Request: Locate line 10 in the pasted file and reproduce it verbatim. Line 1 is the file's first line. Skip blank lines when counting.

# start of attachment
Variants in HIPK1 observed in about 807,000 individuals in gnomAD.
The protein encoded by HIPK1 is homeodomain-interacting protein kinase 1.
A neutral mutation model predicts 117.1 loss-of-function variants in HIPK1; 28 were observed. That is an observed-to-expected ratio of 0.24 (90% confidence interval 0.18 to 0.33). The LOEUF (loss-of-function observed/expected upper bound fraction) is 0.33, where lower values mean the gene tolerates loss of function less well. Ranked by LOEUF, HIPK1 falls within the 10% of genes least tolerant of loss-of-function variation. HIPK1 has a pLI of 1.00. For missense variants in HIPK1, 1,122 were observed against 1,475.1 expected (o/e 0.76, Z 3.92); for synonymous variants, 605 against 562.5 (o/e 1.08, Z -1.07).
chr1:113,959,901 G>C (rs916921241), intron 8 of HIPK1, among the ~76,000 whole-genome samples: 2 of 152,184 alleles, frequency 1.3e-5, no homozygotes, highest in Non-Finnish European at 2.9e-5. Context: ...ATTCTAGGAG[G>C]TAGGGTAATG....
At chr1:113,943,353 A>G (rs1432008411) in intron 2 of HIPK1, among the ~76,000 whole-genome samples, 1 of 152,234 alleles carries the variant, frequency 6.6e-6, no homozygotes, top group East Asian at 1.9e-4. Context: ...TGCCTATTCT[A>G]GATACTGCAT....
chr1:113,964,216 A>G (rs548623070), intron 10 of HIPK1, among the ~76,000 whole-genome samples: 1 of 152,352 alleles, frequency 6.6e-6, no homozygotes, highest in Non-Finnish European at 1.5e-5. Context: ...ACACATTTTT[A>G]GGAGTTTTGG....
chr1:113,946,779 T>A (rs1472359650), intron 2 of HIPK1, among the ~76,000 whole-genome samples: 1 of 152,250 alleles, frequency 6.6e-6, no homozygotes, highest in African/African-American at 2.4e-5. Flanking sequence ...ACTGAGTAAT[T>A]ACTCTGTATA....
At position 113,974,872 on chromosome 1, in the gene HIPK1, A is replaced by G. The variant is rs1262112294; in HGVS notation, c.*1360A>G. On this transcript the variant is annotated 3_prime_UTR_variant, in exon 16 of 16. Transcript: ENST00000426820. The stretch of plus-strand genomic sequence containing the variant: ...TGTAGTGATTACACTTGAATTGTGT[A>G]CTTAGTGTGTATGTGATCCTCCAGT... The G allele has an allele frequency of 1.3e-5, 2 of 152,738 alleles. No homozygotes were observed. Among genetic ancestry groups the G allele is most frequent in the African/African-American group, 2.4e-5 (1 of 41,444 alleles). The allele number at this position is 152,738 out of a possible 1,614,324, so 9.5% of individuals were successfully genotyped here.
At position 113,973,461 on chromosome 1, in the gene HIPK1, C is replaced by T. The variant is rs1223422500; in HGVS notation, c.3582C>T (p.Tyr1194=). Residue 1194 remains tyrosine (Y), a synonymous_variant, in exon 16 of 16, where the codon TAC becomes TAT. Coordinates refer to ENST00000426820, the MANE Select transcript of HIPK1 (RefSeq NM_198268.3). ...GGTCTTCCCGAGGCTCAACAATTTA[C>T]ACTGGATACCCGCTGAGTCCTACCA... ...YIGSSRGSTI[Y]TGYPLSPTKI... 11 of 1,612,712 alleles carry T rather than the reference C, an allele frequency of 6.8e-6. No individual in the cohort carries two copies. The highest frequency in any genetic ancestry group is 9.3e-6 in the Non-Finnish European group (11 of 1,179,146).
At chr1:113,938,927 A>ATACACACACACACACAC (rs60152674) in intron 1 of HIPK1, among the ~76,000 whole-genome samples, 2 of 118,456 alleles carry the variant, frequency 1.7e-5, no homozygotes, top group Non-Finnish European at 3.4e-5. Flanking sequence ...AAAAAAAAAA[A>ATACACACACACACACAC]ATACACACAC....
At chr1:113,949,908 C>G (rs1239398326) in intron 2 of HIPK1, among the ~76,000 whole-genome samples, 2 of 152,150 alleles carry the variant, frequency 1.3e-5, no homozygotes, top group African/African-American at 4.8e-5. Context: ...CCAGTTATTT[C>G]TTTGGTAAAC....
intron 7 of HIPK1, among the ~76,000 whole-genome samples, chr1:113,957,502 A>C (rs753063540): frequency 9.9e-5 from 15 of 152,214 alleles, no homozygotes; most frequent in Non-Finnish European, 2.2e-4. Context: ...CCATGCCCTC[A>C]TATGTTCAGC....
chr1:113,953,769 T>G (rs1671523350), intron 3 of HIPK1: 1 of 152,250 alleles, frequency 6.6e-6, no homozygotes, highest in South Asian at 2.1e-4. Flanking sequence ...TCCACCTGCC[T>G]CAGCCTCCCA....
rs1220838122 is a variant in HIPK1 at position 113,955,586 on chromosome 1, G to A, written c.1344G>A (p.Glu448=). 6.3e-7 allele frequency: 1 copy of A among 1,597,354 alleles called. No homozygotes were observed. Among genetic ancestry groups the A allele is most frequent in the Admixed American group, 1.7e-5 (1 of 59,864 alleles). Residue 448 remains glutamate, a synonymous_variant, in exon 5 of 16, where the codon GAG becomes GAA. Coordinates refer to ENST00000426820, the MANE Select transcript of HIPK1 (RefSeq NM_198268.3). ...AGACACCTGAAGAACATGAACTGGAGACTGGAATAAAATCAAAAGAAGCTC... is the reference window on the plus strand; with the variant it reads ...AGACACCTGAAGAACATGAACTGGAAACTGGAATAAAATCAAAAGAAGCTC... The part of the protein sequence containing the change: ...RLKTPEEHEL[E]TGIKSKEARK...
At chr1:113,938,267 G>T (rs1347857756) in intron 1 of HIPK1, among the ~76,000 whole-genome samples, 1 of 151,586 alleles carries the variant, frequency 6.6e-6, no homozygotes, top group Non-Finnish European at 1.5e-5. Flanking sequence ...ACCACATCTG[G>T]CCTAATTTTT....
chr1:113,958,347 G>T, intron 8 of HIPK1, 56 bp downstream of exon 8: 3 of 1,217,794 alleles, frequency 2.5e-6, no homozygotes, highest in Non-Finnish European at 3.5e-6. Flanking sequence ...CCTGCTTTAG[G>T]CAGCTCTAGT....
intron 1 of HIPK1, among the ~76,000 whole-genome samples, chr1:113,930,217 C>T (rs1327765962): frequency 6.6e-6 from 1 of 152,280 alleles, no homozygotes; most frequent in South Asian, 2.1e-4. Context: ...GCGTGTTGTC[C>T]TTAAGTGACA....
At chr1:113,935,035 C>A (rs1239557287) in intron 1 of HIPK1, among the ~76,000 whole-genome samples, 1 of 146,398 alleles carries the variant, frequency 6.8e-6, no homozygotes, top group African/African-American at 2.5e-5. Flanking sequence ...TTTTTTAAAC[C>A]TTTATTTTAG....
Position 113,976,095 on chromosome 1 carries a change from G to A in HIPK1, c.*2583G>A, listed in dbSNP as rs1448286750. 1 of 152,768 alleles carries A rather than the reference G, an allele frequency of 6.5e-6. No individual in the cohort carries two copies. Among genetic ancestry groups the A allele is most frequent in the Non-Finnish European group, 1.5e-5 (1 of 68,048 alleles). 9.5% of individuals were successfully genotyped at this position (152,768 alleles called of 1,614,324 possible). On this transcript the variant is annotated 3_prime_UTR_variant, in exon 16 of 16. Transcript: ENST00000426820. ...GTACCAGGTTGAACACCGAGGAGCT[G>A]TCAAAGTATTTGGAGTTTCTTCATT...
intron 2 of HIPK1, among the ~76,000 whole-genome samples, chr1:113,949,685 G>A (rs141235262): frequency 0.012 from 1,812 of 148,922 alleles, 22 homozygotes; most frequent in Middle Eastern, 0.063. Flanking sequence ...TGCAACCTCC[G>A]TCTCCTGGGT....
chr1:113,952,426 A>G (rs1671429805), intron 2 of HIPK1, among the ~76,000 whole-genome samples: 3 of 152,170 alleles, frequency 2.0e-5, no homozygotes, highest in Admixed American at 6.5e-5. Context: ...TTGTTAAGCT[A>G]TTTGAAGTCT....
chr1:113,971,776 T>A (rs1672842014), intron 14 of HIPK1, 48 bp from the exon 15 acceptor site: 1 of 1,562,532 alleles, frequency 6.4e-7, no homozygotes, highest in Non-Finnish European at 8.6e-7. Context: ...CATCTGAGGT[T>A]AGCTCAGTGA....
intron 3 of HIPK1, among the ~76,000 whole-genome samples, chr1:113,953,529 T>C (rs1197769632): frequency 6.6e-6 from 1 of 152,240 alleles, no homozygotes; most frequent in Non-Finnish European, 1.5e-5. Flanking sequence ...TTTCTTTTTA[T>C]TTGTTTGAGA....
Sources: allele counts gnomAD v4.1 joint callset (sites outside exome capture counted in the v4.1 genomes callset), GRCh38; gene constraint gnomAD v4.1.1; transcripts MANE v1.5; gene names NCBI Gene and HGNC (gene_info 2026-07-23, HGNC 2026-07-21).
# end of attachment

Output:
At chr1:113,938,927 A>ATACACACACACACACAC (rs60152674) in intron 1 of HIPK1, among the ~76,000 whole-genome samples, 2 of 118,456 alleles carry the variant, frequency 1.7e-5, no homozygotes, top group Non-Finnish European at 3.4e-5. Flanking sequence ...AAAAAAAAAA[A>ATACACACACACACACAC]ATACACACAC....